THEOSOPHY, Vol. 21, No. 8, June, 1933
(Pages 363-364; Size: 7K)
(Part 3 of a 3-part series)



MANY think that the best way to induce a child to study is to give him marks for his work; if we want him to perform an unpleasant task we must offer him a reward, or promise some token of merit for good behavior. How many children are "good" just before Christmas! It is easy to see how, from just such practices on the part of parents and teachers, bribery has come to be one of the greatest curses of mankind, few of us being entirely free from its lure in one form or another. Confucius said many centuries ago, "There is only now and then a man under Heaven who loves what is right without expectation of reward, or hates what is wrong without fear of consequences."

How are we going to come up to the high standard set by the Chinese sage, or help our children to reach towards it? Because we are Theosophists does not mean we are free from the defects of the race-mind. We teach Karma, for example, as the law of compensation.

    Do right--it recompenseth! do one wrong--
The equal retribution must be made
    Though DHARMA tarry long.
Such is the law of action and reaction. We need to ask ourselves how do our children interpret it? Suppose the teacher in Theosophy School asks, "What is Karma?" and a child replies, "If you do good you will get good in return; if you do evil you will get evil." Should this reply be left unassisted by thought and example simply as a "maxim," what will be its implication to the child? More than once a child has said, "Be kind to your neighbors so they'll be kind to you." That boy or girl might soon learn that if he is "nice" to people his shortcomings are more than likely to be overlooked, and he forestalls criticism or a deserved reprimand by being complimentary or giving gifts. This is not only enlightened selfishness but a very subtle form of bribery. It is not Theosophy.

The very young child can hardly be expected to discriminate between results coming as natural consequences and those worked for with an eye to self-interest. The Bhagavad-Gita is most explicit in this matter. "Therefore perform thou that which thou hast to do, at all times unmindful of the event." "Do not be incited to actions by the hope of their reward." "Laying aside all desire for any benefit to thyself from action, make the event equal to thee, whether it be success or failure." In commenting on these passages, Mr. Judge says, "the fact that we may be perfectly certain of the result is no reason for allowing our interest to fasten upon it. The very task to be essayed is to so hold one's mind and desires as not to be attached to the result."

To help the pupil one may find out what is "good" to him. There is a "good" which "in the beginning is as poison and in the end as the water of life," instances of which even a child can comprehend. What is good at one time is not at another -- it is largely a matter of how we feel about it. Again, we try to do good, and apparently evil results -- the neighbors may not return our kindness. So it can be shown that looking for good Karma is the source of endless disappointment.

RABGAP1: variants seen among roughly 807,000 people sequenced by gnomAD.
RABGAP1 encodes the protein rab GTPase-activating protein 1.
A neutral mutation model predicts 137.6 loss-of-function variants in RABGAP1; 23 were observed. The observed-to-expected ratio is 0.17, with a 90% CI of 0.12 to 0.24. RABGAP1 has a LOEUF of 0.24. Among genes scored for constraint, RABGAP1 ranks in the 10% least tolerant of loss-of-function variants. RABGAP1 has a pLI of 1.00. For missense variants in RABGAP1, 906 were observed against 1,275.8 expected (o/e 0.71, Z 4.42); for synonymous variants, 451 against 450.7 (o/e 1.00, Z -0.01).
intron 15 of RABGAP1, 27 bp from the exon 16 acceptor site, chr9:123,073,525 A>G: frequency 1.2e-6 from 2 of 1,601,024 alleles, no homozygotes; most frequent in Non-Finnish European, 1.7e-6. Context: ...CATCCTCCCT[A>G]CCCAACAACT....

By these and other illustrations children may be helped to understand that the only true way is to put one's whole mind on what is to be done, leaving the result to the law. One of the teachers in Theosophy School tells her group of little folks that "Karma is the doing," and expects them to learn it by heart. This focusses the attention upon that aspect of Karma which is of paramount importance. "Karma is the doing" cannot too often be repeated either by young or old. If we concentrate upon Karma as the doing, Karma as the result will give us much less occasion for complaint. "Teach to eschew all causes; the ripple of effect, as the great tidal wave, thou shalt let run its course."

COMPILER'S NOTE: The following is a separate item which followed the above article but was on the same page. I felt it was useful to include it here:


It is a universal tradition that, before the physiological "Fall," propagation of one's kind, whether human or animal, took place through the WILL of the Creators, or of their progeny. It was the Fall of Spirit into generation, not the Fall of mortal man. It has already been stated that, to become a Self-Conscious Spirit, the latter must pass through every cycle of being, culminating in its highest point on earth in Man. Spirit per se is an unconscious negative ABSTRACTION. Its purity is inherent, not acquired by merit; hence ... to become the highest Dhyan Chohan it is necessary for each Ego to attain to full self-consciousness as a human, i.e., conscious Being, which is synthesized for us in Man. --S.D. I, 192-3.

[Reminder: The THEOSOPHY AND EDUCATION series has now ended.]

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